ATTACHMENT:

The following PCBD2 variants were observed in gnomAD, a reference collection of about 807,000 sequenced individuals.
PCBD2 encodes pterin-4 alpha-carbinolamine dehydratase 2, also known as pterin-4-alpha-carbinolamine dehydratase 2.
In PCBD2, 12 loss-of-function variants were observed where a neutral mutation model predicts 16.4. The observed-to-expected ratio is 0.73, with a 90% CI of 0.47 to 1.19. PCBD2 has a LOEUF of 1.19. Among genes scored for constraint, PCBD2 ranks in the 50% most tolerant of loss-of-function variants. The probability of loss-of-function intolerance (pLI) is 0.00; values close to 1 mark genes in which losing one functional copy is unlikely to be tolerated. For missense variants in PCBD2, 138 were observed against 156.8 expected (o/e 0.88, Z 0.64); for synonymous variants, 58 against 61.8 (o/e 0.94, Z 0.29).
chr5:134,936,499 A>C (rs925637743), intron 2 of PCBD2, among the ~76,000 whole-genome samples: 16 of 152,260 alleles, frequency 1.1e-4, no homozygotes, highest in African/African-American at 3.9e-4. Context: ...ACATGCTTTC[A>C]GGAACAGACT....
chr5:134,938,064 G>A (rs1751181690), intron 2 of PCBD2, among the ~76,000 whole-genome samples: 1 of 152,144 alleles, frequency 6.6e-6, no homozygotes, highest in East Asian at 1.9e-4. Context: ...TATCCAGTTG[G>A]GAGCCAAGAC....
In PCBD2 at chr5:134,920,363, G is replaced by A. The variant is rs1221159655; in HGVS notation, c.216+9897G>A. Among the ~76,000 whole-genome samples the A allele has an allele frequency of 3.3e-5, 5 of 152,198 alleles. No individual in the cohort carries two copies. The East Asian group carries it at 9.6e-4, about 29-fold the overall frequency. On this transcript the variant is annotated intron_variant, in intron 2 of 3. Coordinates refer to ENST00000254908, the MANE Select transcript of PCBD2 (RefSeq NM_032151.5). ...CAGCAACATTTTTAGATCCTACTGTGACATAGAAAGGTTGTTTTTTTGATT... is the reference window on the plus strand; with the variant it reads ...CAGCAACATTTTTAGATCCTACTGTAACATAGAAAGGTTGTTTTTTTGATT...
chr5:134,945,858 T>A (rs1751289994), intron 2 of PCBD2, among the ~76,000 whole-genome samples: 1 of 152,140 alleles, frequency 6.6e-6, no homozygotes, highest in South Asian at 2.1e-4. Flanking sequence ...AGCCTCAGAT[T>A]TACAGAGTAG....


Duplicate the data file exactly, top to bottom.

The following PCBD2 variants were observed in gnomAD, a reference collection of about 807,000 sequenced individuals.
PCBD2 encodes pterin-4 alpha-carbinolamine dehydratase 2, also known as pterin-4-alpha-carbinolamine dehydratase 2.
In PCBD2, 12 loss-of-function variants were observed where a neutral mutation model predicts 16.4. The observed-to-expected ratio is 0.73, with a 90% CI of 0.47 to 1.19. PCBD2 has a LOEUF of 1.19. Among genes scored for constraint, PCBD2 ranks in the 50% most tolerant of loss-of-function variants. The probability of loss-of-function intolerance (pLI) is 0.00; values close to 1 mark genes in which losing one functional copy is unlikely to be tolerated. For missense variants in PCBD2, 138 were observed against 156.8 expected (o/e 0.88, Z 0.64); for synonymous variants, 58 against 61.8 (o/e 0.94, Z 0.29).
chr5:134,936,499 A>C (rs925637743), intron 2 of PCBD2, among the ~76,000 whole-genome samples: 16 of 152,260 alleles, frequency 1.1e-4, no homozygotes, highest in African/African-American at 3.9e-4. Context: ...ACATGCTTTC[A>C]GGAACAGACT....
chr5:134,938,064 G>A (rs1751181690), intron 2 of PCBD2, among the ~76,000 whole-genome samples: 1 of 152,144 alleles, frequency 6.6e-6, no homozygotes, highest in East Asian at 1.9e-4. Context: ...TATCCAGTTG[G>A]GAGCCAAGAC....
In PCBD2 at chr5:134,920,363, G is replaced by A. The variant is rs1221159655; in HGVS notation, c.216+9897G>A. Among the ~76,000 whole-genome samples the A allele has an allele frequency of 3.3e-5, 5 of 152,198 alleles. No individual in the cohort carries two copies. The East Asian group carries it at 9.6e-4, about 29-fold the overall frequency. On this transcript the variant is annotated intron_variant, in intron 2 of 3. Coordinates refer to ENST00000254908, the MANE Select transcript of PCBD2 (RefSeq NM_032151.5). ...CAGCAACATTTTTAGATCCTACTGTGACATAGAAAGGTTGTTTTTTTGATT... is the reference window on the plus strand; with the variant it reads ...CAGCAACATTTTTAGATCCTACTGTAACATAGAAAGGTTGTTTTTTTGATT...
chr5:134,945,858 T>A (rs1751289994), intron 2 of PCBD2, among the ~76,000 whole-genome samples: 1 of 152,140 alleles, frequency 6.6e-6, no homozygotes, highest in South Asian at 2.1e-4. Flanking sequence ...AGCCTCAGAT[T>A]TACAGAGTAG....